Vietnam's caged bears dying off as bile prices plummet

August 17, 2018 by Quy Le Bui
A bear being rescued from a facility in Vietnam where their bile is extracted for use in traditional medicine

Two moon bears are gently removed from the cramped cages where they have been held for 13 years, rescuers carefully checking their rotten teeth and matted paws before sending them to their new home in a grassy sanctuary in northern Vietnam.

The animals are among the lucky few to be rescued in a country where hundreds of bears are feared to have been killed or starved to death as the cost of once-valuable farmed bile has plummeted.

Bear bile is extracted—often continuously and painfully—from the animals' gallbladders and used in traditional medicine in Vietnam, where the illegal practice remains widespread.

But consumers are shunning the farmed version in favour of bile taken from the nearly extinct wild bear population, which can cost 12 times more, and farmers can no longer earn what they used to from the illicit trade.

If consumer demand for wild bear gallbladders catches on, it could spell the end for , which are killed for the sought-after organ.

The trend is also bad news for caged bears, whose owners can no longer afford to keep them alive.

"Farmers said it wasn't profitable to keep the bears any more so they started feeding them less and let them die off," Brian Crudge, research programme manager at Free The Bears, told AFP this week.

Veterinary staff from Four Paws, an animal conservation group in Vietnam, check the condition of a sedated bear during a rescue operation

The number of captive bears has dropped dramatically since 2005 from about 4,500 to less than 800 today, according to official data and Crudge, who recently co-authored a study on the issue.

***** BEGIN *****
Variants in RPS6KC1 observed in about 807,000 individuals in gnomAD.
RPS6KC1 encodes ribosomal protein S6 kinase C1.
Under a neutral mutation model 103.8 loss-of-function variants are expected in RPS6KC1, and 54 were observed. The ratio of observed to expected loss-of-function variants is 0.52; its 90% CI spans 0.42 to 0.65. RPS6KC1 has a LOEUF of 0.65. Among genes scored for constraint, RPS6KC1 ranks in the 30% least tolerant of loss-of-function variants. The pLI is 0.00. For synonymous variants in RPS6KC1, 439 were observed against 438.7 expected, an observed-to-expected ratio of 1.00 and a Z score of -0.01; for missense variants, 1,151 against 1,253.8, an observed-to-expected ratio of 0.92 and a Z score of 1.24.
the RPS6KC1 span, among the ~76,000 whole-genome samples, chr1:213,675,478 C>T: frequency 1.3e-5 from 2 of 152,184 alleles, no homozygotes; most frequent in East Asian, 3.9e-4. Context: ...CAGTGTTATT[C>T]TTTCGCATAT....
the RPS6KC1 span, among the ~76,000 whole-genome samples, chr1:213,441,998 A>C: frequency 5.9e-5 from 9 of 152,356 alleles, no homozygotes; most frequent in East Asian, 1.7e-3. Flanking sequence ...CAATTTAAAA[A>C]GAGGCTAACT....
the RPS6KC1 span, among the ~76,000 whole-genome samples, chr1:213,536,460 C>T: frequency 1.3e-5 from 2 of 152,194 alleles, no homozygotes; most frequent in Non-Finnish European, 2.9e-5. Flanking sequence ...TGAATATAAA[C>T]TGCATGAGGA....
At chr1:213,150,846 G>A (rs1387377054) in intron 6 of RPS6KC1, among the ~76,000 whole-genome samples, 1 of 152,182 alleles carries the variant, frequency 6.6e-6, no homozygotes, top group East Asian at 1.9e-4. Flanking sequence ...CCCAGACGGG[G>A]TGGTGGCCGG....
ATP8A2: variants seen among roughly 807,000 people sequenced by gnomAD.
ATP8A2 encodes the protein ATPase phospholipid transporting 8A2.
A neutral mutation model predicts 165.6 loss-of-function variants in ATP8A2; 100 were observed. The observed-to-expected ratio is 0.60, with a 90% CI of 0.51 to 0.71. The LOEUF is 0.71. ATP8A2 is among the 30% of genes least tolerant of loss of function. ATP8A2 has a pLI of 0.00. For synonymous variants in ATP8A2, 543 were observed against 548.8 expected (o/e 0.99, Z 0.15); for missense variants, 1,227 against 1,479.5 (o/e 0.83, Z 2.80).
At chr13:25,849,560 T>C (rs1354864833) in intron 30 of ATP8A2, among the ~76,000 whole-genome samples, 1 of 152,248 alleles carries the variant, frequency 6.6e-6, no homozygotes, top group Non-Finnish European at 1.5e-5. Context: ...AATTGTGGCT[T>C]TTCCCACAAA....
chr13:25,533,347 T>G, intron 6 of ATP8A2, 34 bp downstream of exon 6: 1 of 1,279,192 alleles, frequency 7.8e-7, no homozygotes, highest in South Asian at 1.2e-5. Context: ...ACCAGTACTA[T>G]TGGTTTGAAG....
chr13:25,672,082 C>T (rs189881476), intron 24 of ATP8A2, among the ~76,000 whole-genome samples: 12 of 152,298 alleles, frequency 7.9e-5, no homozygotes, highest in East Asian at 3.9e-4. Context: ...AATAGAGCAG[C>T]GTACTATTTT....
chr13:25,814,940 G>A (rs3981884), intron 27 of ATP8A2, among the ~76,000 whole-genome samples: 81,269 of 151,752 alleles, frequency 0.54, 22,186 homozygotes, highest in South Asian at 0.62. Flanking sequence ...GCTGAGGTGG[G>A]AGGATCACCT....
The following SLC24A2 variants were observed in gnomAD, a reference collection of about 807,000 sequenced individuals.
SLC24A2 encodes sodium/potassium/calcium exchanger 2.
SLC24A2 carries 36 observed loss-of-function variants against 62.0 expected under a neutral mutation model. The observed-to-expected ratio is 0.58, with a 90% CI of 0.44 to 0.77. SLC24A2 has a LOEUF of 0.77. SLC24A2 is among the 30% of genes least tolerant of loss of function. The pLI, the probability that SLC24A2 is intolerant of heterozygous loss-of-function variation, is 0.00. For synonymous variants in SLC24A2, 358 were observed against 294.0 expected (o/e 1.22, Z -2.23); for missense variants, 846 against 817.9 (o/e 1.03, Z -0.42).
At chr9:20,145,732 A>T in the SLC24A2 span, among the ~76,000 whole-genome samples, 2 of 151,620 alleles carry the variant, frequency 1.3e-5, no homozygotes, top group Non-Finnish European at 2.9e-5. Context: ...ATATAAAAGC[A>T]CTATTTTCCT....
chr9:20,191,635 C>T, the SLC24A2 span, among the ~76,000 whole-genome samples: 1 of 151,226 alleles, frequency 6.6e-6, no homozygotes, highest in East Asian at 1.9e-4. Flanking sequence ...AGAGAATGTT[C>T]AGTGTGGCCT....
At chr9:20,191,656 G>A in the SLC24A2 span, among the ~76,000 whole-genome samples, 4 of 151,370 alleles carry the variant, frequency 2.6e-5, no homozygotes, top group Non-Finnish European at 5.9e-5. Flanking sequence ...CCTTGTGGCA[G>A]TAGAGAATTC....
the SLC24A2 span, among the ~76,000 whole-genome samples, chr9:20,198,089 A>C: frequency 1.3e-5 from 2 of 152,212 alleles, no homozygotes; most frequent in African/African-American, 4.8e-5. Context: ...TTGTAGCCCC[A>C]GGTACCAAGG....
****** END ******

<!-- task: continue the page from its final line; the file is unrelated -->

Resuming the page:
With about 200 bears in Vietnam's rescue centres, he said many likely starved to death or were killed off and sold for their body parts.

Bear paws are popularly used as a delicacy in soup or liquor, while bones are used for cooking and teeth and claws for decoration or jewellery.

Race against time

Now it's a race against time to rescue Vietnam's remaining caged bears.

"It's quite urgent, we want to get as many of them as we can before it's too late," Crudge said.

After being rescued, the bears spend a few weeks in quarantine before being allowed to frolic in the grass with their fellow rescuees—which can require courage after so many years in a cage

Some farmers—who can legally keep bears as pets but are not allowed to extract bile—have started handing over their bears voluntarily.

One told AFP he used to earn $10 for one millilitre (0.03 fluid ounces) of farmed bile, but now only makes about $2, as some consumers prefer to shell out for a supposedly higher quality product from wild bears.

"People don't seem to like the bile anymore so it's harder to find customers," said the farmer, speaking anonymously.

He used to keep about a dozen bears in cages at his home and now has none, but just smiled when asked when happened to them, refusing to elaborate.

Vietnam has come under fire for failing to crack down on the illegal trade, but in a landmark decision last year said it would abolish all bear farms by 2022.